The book is packed with fascinating illustrations, including hundreds of Daniel Rebour's wonderfully detailed renderings - many of them never seen in print before.
Tell us some more about the technical aspects of the product?
Title: The Dancing Chain – 5th edition
Author: Frank Berto
Publisher: Cycle Publishing / Van der Plas Publications
Thirty quid isn't cheap, but it's been a long time since a $49.95 US price converted to a £30 UK price – and I'm happy to take advantage of that exchange rate!
Tell us how the product performed overall when used for its designed purpose
It lives up to the promise of giving you more information about bicycle transmissions than you thought possible.
Tell us what you particularly liked about the product
It gave me a fuller understanding of every derailleur that I have ever owned – or wanted to own.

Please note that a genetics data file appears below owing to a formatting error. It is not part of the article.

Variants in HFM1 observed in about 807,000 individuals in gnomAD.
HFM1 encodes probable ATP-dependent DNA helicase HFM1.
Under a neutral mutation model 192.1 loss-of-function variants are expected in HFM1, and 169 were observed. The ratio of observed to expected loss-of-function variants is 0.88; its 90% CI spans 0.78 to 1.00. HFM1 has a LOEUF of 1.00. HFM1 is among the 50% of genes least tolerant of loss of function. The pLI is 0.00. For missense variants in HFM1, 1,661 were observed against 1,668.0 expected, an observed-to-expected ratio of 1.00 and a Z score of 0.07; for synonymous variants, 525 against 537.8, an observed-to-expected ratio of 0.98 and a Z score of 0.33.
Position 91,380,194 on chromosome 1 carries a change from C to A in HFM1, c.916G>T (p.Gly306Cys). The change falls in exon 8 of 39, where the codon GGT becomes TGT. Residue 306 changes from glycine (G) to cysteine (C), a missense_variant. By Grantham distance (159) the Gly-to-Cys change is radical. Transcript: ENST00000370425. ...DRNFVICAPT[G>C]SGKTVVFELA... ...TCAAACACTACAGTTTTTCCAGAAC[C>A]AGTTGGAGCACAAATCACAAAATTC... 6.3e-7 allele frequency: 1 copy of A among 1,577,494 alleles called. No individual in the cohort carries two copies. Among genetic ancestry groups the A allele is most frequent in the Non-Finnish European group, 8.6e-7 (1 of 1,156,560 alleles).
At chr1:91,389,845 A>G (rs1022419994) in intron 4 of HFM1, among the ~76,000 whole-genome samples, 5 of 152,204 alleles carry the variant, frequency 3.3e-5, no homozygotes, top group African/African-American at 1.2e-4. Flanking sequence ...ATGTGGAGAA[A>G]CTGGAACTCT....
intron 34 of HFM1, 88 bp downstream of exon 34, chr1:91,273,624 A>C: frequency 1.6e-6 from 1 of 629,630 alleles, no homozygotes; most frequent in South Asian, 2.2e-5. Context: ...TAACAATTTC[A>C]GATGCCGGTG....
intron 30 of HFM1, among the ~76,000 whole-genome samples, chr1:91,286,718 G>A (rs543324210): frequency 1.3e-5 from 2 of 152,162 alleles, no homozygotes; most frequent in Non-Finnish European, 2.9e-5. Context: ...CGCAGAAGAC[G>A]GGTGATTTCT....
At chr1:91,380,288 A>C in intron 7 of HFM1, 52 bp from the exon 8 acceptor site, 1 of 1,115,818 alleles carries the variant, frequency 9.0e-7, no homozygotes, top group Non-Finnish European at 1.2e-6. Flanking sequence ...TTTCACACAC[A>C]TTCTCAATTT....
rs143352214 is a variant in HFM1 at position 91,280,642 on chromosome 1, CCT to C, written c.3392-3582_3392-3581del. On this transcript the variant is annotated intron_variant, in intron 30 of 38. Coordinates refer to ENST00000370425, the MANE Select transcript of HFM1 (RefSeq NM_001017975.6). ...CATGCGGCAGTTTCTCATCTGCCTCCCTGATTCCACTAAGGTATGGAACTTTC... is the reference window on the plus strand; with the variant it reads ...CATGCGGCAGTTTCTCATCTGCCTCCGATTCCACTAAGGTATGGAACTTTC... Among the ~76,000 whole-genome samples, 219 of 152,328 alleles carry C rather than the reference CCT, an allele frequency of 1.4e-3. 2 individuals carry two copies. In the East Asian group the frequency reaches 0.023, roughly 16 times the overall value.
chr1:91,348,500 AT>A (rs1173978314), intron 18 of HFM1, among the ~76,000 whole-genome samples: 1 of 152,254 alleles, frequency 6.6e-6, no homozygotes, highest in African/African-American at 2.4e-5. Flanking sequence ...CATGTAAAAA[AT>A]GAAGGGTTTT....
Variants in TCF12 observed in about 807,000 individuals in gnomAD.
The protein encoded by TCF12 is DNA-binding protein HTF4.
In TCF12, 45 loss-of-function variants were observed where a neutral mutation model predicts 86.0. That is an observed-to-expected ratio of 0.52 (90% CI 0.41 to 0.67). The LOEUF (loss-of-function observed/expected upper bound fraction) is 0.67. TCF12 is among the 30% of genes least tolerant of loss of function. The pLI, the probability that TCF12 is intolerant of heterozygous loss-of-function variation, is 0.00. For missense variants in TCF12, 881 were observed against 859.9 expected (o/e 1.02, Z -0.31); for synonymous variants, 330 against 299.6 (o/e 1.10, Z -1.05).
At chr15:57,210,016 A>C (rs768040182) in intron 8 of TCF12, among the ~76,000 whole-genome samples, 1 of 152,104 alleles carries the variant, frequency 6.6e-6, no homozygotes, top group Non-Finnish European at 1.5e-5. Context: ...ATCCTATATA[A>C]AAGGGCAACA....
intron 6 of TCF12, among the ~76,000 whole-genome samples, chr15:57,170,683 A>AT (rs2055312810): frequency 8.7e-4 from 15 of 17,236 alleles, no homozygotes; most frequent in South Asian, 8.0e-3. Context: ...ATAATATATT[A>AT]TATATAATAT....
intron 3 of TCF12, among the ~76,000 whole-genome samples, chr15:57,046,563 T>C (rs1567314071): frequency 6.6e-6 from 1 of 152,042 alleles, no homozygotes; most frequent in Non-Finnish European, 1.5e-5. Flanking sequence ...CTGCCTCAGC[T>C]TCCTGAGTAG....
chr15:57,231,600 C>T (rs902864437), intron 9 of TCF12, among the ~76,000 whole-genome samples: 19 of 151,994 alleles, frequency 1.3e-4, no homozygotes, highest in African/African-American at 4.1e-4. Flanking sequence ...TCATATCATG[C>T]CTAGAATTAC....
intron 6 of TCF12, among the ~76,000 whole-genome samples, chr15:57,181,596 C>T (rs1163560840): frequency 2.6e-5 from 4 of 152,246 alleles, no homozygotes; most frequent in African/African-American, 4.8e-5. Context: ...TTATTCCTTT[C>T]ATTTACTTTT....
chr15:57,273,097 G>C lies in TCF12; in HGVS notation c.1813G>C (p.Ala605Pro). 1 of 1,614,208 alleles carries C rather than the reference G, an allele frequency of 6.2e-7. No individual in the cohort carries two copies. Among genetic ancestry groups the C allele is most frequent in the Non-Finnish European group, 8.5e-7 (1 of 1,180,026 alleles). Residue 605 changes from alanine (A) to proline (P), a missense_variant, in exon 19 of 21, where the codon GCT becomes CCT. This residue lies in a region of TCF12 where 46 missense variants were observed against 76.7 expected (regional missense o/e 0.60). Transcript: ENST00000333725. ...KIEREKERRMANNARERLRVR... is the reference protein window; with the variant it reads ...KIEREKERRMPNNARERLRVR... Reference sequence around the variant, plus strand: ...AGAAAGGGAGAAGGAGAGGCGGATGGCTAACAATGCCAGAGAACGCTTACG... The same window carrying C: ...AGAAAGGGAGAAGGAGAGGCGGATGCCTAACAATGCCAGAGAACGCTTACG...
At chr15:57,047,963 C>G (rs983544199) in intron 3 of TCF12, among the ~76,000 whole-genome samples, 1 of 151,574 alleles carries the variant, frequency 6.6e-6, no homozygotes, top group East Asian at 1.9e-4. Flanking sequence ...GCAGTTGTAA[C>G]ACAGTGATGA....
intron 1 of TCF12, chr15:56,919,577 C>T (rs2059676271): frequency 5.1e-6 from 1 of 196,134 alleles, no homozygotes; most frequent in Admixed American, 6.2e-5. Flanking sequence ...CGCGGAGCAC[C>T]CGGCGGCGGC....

Tell us what you particularly disliked about the product
Some recent technology isn't covered.
Did you enjoy using the product? Yes
Would you consider buying the product? Yes
Would you recommend the product to a friend? Yes – but there would have to be definite interest in the subject first.
Use this box to explain your overall score
This is a high-quality reference book and fully deserves an 'exceptional' score. It's a shame its rather specialist and technical coverage of cycling history means it won't reach the audience that it deserves.
About the tester
I usually ride: My best bike is:
I've been riding for: Over 20 years I ride: Every day I would class myself as: Expert
I regularly do the following types of riding: commuting, touring, club rides, sportives, general fitness riding